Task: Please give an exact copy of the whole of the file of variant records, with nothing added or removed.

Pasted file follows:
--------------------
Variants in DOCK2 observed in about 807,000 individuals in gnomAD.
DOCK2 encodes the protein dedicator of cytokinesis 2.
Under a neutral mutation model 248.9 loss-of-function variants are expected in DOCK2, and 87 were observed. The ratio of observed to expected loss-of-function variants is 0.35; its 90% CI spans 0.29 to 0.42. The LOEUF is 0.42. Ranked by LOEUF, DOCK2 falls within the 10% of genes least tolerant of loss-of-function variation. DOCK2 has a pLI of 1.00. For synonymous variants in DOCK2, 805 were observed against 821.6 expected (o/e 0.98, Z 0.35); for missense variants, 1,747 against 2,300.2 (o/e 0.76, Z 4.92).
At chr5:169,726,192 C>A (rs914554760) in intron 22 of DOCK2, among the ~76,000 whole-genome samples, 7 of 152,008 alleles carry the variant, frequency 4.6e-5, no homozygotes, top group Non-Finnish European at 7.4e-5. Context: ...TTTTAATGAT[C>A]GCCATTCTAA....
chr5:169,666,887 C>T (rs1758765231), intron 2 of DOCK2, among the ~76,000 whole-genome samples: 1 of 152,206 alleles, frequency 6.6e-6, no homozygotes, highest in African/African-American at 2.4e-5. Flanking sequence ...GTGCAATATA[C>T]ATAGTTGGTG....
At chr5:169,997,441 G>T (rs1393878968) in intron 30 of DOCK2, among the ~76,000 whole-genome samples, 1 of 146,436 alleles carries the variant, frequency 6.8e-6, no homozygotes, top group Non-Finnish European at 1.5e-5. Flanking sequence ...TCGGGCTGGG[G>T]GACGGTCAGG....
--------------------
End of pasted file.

Variants in DOCK2 observed in about 807,000 individuals in gnomAD.
DOCK2 encodes the protein dedicator of cytokinesis 2.
Under a neutral mutation model 248.9 loss-of-function variants are expected in DOCK2, and 87 were observed. The ratio of observed to expected loss-of-function variants is 0.35; its 90% CI spans 0.29 to 0.42. The LOEUF is 0.42. Ranked by LOEUF, DOCK2 falls within the 10% of genes least tolerant of loss-of-function variation. DOCK2 has a pLI of 1.00. For synonymous variants in DOCK2, 805 were observed against 821.6 expected (o/e 0.98, Z 0.35); for missense variants, 1,747 against 2,300.2 (o/e 0.76, Z 4.92).
At chr5:169,726,192 C>A (rs914554760) in intron 22 of DOCK2, among the ~76,000 whole-genome samples, 7 of 152,008 alleles carry the variant, frequency 4.6e-5, no homozygotes, top group Non-Finnish European at 7.4e-5. Context: ...TTTTAATGAT[C>A]GCCATTCTAA....
chr5:169,666,887 C>T (rs1758765231), intron 2 of DOCK2, among the ~76,000 whole-genome samples: 1 of 152,206 alleles, frequency 6.6e-6, no homozygotes, highest in African/African-American at 2.4e-5. Flanking sequence ...GTGCAATATA[C>T]ATAGTTGGTG....
At chr5:169,997,441 G>T (rs1393878968) in intron 30 of DOCK2, among the ~76,000 whole-genome samples, 1 of 146,436 alleles carries the variant, frequency 6.8e-6, no homozygotes, top group Non-Finnish European at 1.5e-5. Flanking sequence ...TCGGGCTGGG[G>T]GACGGTCAGG....